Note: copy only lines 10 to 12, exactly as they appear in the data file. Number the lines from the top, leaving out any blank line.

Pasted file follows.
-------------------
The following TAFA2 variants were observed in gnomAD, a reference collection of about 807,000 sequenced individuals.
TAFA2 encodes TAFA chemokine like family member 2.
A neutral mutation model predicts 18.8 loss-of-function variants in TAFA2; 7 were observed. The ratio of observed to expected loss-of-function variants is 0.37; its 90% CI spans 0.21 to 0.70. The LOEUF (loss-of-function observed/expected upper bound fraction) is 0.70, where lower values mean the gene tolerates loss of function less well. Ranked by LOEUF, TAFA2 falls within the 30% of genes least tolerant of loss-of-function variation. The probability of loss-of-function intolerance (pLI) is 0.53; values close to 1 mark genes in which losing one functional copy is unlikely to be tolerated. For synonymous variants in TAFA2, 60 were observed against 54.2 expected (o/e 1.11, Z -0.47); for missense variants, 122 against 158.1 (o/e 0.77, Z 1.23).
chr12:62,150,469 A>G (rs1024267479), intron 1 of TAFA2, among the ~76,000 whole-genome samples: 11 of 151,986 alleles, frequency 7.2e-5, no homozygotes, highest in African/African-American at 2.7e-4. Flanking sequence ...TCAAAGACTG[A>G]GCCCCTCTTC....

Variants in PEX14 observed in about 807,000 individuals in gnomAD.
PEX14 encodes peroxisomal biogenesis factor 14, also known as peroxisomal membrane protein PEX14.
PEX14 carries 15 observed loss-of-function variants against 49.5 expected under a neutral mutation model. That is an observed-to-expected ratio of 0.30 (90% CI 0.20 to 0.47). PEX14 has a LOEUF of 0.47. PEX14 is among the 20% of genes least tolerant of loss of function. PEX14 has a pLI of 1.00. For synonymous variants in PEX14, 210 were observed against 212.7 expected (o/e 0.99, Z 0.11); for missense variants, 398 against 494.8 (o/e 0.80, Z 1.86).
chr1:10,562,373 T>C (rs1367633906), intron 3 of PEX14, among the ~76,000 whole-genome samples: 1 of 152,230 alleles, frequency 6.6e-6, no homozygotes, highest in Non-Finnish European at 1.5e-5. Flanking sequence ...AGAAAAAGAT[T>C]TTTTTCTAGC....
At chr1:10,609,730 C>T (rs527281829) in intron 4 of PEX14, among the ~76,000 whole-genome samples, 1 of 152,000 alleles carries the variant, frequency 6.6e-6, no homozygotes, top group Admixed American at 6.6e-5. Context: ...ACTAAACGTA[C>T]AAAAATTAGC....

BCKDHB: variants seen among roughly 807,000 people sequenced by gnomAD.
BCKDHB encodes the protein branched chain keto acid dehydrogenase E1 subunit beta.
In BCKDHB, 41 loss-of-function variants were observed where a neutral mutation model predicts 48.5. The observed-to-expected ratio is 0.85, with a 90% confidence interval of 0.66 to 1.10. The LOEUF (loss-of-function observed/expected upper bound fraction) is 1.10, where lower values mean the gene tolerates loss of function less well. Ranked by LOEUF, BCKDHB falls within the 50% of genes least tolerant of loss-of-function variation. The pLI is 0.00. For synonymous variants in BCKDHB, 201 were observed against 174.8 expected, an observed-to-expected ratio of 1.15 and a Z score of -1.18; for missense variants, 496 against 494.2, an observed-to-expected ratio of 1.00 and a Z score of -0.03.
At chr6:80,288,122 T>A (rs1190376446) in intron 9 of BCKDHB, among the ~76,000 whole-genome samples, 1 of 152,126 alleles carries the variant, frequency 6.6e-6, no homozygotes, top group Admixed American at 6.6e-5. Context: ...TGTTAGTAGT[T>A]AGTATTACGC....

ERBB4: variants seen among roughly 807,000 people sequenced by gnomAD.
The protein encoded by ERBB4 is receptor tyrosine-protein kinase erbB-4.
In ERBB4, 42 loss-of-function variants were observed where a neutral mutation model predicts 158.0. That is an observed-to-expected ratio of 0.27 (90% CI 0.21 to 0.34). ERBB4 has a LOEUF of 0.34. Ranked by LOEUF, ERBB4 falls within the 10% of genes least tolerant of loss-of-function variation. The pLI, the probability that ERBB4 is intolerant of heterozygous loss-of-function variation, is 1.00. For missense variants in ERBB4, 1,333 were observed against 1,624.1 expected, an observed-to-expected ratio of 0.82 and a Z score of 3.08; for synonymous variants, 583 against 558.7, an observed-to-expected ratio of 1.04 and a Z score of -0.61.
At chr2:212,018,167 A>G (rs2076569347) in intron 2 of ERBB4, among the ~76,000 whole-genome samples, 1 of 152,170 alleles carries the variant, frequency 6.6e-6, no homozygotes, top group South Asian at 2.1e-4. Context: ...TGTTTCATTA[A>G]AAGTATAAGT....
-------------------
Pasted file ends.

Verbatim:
BCKDHB: variants seen among roughly 807,000 people sequenced by gnomAD.
BCKDHB encodes the protein branched chain keto acid dehydrogenase E1 subunit beta.
In BCKDHB, 41 loss-of-function variants were observed where a neutral mutation model predicts 48.5. The observed-to-expected ratio is 0.85, with a 90% confidence interval of 0.66 to 1.10. The LOEUF (loss-of-function observed/expected upper bound fraction) is 1.10, where lower values mean the gene tolerates loss of function less well. Ranked by LOEUF, BCKDHB falls within the 50% of genes least tolerant of loss-of-function variation. The pLI is 0.00. For synonymous variants in BCKDHB, 201 were observed against 174.8 expected, an observed-to-expected ratio of 1.15 and a Z score of -1.18; for missense variants, 496 against 494.2, an observed-to-expected ratio of 1.00 and a Z score of -0.03.